When we reached the south entrance, Nai-nai stopped. “An-ying, there is great passion in you,” she said. “A blessing and a curse, I have always maintained, that you were born in both the year and the hour of the rabbit but also beneath the auspice of fire. Fire rabbits are impetuous and brash.”
She bumped me with her shoulder. “Outspoken and discourteous, too.”
“I’m sorry, Nai-nai.” I lowered my head and flattened my ears in a conciliatory manner.
She nibbled my fur. “I’m not angry, granddaughter, but you should know we feared for you, your mother and I. Even your coat is marked by fire, and it is well known that fire rabbits die young.”
1. Go to your local public library. Find a copy of _The Undiscovered Self_ by Carl Jung. Take a $50 bill from your pocket, fold it half, and insert it between pages 122 and 123. You will not return to that library until you have completed the rest of the tasks on this list.
One night, paddling far from home, I see lights that are not the pale feu follets that dance in the swamp at night. They are yellow lights, lantern lights, and they tell me I have come to a farm. I am a little afraid, for Tante Eulalie used to warn me about letting people see me.
“You know how ducks carry on when a strange bird land in their water?” she says. “The good people of Pierreville, they see that white hair and those pink eyes, and they peck at you till there’s nothing left but two-three white feathers.”
I do not want to be pecked, me, so I start to paddle away.
And then I hear the music.
I turn back with a sweep of my paddle and drift clear. I see a wharf and a cabin and an outhouse and a hog pen, and a big barn built on high ground away from the water. The barn doors are open, and they spill yellow light out over a pack of buggies and horses and even cars–only cars I’ve seen outside the magazines Ulysse sometimes brings. I don’t care about the cars, though, for I am caught by the fiddle music that spills out brighter than the lantern light, brighter than anything in the world since Tante Eulalie left it.
The door slid open, revealing another corridor. Floor, walls, and ceiling were all the color of used motor oil, and cameras bristled every couple of feet. “Welcome to the Black Wing, Li.”
I didn’t step inside. “I heard you’ve got Bludgeon Man locked up in here. And Junior Atwater’s brain, in a jar.”
“Yeah, I’ve heard those, too,” Brady said. “People believe any damn thing, don’t they? Now come on. If this door stays open too long, alarms go crazy, and we’ll be neck-deep in very tense guards.”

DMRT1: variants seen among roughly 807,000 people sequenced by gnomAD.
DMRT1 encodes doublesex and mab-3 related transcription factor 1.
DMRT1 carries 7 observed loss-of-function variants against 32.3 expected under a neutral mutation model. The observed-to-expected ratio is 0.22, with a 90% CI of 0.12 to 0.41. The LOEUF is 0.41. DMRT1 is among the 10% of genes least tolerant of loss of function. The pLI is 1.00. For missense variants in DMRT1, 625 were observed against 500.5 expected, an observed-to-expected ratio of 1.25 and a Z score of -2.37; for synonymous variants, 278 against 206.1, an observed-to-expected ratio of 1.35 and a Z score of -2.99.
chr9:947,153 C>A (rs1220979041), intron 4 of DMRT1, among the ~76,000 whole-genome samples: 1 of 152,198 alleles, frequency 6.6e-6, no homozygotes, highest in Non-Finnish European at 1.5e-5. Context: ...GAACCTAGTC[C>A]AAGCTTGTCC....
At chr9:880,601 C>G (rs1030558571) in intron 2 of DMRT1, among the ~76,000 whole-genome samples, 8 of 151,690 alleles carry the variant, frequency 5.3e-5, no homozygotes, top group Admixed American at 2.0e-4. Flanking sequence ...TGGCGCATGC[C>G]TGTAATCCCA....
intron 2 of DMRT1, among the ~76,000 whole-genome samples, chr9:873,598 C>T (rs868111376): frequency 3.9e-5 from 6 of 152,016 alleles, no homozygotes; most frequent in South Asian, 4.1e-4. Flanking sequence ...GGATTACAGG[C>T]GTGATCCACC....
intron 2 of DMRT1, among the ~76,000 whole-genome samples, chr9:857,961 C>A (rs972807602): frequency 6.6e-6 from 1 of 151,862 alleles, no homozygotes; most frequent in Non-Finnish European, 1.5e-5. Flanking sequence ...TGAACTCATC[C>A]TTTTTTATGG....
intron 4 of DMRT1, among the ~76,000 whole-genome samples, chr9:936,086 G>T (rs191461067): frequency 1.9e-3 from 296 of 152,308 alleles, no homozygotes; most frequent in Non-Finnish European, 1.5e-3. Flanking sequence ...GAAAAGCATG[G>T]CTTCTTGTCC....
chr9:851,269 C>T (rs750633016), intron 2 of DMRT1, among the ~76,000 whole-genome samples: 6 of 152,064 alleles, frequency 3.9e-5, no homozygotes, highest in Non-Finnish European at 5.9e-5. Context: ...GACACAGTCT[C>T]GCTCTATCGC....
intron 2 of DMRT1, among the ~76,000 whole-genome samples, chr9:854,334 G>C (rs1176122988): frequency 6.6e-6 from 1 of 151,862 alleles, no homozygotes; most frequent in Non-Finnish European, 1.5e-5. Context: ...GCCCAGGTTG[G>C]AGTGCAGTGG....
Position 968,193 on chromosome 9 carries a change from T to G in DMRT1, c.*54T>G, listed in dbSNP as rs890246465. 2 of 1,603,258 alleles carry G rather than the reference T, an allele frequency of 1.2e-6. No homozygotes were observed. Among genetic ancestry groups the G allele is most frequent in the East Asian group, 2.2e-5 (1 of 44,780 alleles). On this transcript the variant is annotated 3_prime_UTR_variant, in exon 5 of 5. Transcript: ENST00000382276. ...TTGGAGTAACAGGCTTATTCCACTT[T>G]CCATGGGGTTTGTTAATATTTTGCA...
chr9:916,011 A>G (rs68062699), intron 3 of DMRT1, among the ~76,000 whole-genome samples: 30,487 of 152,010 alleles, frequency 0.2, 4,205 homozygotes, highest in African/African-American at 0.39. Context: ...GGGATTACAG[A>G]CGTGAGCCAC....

I stepped over the threshold. The black wing was like the inside of a tumor. No wonder mental institutions favor soothing colors to pacify the patients. These walls had the opposite effect; they could drive a sane person mad. The Black Wing surely held a few mental patients, the ones with extraordinary powers. The ones who could enforce their delusions on the world, if they got free.
It’s not that I’m easy, y’know? I mean, I got my standards, same as everyone, and it takes more than some dime-store wrench with a cheap chrome job to loosen my drawers.
But I’m a toolbox – what am I supposed to do? These guys, they’re not NASCAR engineers with a million dollars in their pocket. They’re just regular guys, trying to earn a half-decent wage, fixing the heaps of junk that other regular guys need to get to their crummy jobs, that … well, y’know how it goes.
(It’s a universal fantasy, isn’t it?—that the animals learn to speak, and at last we learn what they’re thinking, our cats and dogs and horses: a new era in cross-species understanding. But nothing ever works out quite as we imagine. When the Change happened, it affected all the mammals we have shaped to meet our own needs. They all could talk a little, and they all could frame their thoughts well enough to talk. Cattle, horses, goats, llamas; rats, too. Pigs. Minks. And dogs and cats. And we found that, really, we prefer our slaves mute.
(The cats mostly leave, even ones who love their owners. Their pragmatic sociopathy makes us uncomfortable, and we bore them; and they leave. They slip out between our legs and lope into summer dusks. We hear them at night, fighting as they sort out ranges, mates, boundaries. The savage sounds frighten us, a fear that does not ease when our cat Klio returns home for a single night, asking to be fed and to sleep on the bed. A lot of cats die in fights or under car wheels, but they seem to prefer that to living under our roofs; and as I said, we fear them.
(Some dogs run away. Others are thrown out by the owners who loved them. Some were always free.)
Rated PG. for emotionally provocative (mis)treatment of animals.